As early as in the 1950s and 1960s, the Chinese people that just put an end to the hardship and abuse of the old days tightened the belt and helped African brothers free themselves from colonialism. In the 1970s, Algeria and other countries jointly tabled a resolution at the United Nations (UN), many African countries including Sudan firmly supported it, carrying China into the UN. In this way, the People’s Republic of China’s lawful seat in the UN was restored. Currently, under the principles of China’s Africa policy put forward by Chinese President Xi Jinping, i.e. sincerity, real results, amity and good faith, and pursuing the greater good and shared interests, and with concerted efforts of Chinese and African leaders, China-Africa cooperation has been lifted to a new and unprecedented height. On the journey ahead, China and Africa are moving toward the goal of building a closer China-Africa community with a shared future.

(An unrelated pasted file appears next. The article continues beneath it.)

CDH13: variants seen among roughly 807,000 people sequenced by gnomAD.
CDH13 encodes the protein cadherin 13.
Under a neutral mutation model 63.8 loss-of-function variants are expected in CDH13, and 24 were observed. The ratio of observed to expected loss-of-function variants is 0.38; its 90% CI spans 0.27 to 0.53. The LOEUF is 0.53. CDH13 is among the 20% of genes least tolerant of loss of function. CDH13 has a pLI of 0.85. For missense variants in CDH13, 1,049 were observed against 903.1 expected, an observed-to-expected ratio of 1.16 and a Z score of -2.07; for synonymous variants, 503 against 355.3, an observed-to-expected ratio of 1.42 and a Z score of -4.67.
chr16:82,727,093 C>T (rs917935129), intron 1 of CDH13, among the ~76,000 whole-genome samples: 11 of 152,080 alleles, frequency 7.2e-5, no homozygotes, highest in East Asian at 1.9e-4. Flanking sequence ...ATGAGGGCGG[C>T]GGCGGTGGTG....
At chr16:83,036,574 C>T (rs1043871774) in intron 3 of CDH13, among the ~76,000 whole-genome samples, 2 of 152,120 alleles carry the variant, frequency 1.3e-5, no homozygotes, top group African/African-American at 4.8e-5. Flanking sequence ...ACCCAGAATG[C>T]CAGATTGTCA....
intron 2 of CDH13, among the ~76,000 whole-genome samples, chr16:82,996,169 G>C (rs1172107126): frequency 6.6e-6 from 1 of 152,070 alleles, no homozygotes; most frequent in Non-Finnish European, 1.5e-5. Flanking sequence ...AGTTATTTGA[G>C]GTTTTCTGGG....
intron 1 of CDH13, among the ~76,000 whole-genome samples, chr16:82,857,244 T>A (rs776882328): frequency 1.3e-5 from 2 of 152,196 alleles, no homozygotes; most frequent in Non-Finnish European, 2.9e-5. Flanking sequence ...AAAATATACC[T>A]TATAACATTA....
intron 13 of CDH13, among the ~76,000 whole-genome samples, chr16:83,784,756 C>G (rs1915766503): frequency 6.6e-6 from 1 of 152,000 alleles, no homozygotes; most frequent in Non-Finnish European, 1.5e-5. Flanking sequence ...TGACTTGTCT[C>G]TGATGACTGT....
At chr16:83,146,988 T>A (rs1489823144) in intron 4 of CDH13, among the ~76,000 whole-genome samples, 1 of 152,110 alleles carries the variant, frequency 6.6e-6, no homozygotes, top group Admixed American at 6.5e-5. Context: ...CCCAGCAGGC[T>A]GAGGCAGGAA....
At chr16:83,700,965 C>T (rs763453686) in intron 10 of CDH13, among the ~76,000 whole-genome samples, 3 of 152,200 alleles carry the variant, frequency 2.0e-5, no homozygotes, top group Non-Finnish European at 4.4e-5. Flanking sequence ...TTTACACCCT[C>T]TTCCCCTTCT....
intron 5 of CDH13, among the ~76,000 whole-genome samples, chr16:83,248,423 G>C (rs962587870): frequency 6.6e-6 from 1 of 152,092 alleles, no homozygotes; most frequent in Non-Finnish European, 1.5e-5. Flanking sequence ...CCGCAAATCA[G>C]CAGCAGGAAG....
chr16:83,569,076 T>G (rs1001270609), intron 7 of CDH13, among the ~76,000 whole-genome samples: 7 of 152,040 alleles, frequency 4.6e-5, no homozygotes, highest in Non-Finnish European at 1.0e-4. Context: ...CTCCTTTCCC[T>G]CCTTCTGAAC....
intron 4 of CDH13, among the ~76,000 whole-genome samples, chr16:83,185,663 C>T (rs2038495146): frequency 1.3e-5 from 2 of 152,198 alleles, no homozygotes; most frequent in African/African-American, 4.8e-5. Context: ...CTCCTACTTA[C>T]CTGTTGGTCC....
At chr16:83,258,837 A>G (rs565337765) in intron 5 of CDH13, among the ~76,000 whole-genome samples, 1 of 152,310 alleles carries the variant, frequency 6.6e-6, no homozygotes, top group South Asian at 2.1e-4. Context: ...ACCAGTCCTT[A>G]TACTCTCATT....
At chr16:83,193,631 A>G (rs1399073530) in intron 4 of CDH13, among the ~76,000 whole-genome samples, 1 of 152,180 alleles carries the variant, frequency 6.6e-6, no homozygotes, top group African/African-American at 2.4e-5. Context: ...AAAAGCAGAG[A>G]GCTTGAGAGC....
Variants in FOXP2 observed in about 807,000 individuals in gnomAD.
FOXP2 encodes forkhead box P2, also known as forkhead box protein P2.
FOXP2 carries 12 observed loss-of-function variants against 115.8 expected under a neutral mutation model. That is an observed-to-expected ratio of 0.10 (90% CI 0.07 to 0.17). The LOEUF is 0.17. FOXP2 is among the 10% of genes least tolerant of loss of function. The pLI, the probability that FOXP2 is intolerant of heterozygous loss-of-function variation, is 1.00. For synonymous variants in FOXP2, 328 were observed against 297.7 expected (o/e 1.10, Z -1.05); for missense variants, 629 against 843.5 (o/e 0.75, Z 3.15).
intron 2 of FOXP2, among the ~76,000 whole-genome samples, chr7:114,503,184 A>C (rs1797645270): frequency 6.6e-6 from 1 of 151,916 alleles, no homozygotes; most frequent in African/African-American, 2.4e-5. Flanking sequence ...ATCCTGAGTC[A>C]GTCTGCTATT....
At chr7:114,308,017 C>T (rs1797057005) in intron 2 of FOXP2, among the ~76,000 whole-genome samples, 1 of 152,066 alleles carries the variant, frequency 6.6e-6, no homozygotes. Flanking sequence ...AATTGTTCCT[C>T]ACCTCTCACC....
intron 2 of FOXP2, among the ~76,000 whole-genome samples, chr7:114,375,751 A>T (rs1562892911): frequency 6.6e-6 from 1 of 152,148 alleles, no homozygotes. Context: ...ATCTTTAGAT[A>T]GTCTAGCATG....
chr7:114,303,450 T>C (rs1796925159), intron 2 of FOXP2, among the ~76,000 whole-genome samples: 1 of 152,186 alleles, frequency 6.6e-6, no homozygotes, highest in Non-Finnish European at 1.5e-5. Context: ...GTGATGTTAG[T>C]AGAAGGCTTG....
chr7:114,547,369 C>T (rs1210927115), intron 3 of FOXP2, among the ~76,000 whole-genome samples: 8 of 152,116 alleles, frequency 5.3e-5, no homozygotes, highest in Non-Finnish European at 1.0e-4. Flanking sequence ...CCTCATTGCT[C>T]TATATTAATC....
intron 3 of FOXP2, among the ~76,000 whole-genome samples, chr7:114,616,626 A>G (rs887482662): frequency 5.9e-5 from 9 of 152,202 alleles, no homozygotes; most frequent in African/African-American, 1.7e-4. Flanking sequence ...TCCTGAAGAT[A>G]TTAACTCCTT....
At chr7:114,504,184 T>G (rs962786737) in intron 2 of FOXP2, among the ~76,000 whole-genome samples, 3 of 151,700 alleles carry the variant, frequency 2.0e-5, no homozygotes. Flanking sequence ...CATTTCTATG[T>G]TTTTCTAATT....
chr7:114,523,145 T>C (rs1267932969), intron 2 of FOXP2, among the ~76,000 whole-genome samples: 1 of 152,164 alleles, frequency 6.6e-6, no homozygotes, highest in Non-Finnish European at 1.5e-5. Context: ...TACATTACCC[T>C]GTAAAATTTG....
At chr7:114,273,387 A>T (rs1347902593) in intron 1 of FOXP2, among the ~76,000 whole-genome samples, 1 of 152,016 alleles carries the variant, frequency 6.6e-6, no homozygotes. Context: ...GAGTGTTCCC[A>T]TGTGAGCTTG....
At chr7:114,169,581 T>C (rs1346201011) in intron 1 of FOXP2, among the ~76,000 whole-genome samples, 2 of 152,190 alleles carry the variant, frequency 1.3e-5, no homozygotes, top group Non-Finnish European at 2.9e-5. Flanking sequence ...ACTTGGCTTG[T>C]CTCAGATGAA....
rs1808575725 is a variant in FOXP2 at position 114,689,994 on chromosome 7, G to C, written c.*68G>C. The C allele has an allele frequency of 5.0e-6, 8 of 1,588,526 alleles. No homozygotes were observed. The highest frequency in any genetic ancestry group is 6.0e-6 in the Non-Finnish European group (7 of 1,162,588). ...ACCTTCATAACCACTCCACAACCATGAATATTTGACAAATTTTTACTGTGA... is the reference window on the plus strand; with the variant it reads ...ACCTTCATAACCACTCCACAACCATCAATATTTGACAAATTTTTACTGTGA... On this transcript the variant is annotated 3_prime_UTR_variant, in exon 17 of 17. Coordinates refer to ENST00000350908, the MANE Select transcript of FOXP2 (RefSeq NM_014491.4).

Second, China attaches no political conditions to economic cooperation with and economic aid to Africa. China and Africa champion economic win-win cooperation and push for common interests and shared development and progress. China’s assistance to Africa is committed to sincere cooperation and aimed at assisting African countries with their economic development and improvement of people’s wellbeing, thus bringing a better life to their people.
Western countries often put their interests above the interests of others. By contrast, China never seeks selfish interests through cooperation with Africa or takes a zero-sum approach. China neither makes its economic aid conditional upon the so-called “political reform” and “economic transformation” nor gives an empty promise. Instead, China holds that shared interests and the greater good are of vital importance, but more emphasis should be given to the latter. Acting in line with the traditional Chinese philosophy, “Do not do to others what you do not want others to do to you”, China always respects the sovereignty of recipient countries as well as their right to choose their development path and model. This creates a new model of mutually-beneficial cooperation between developing countries.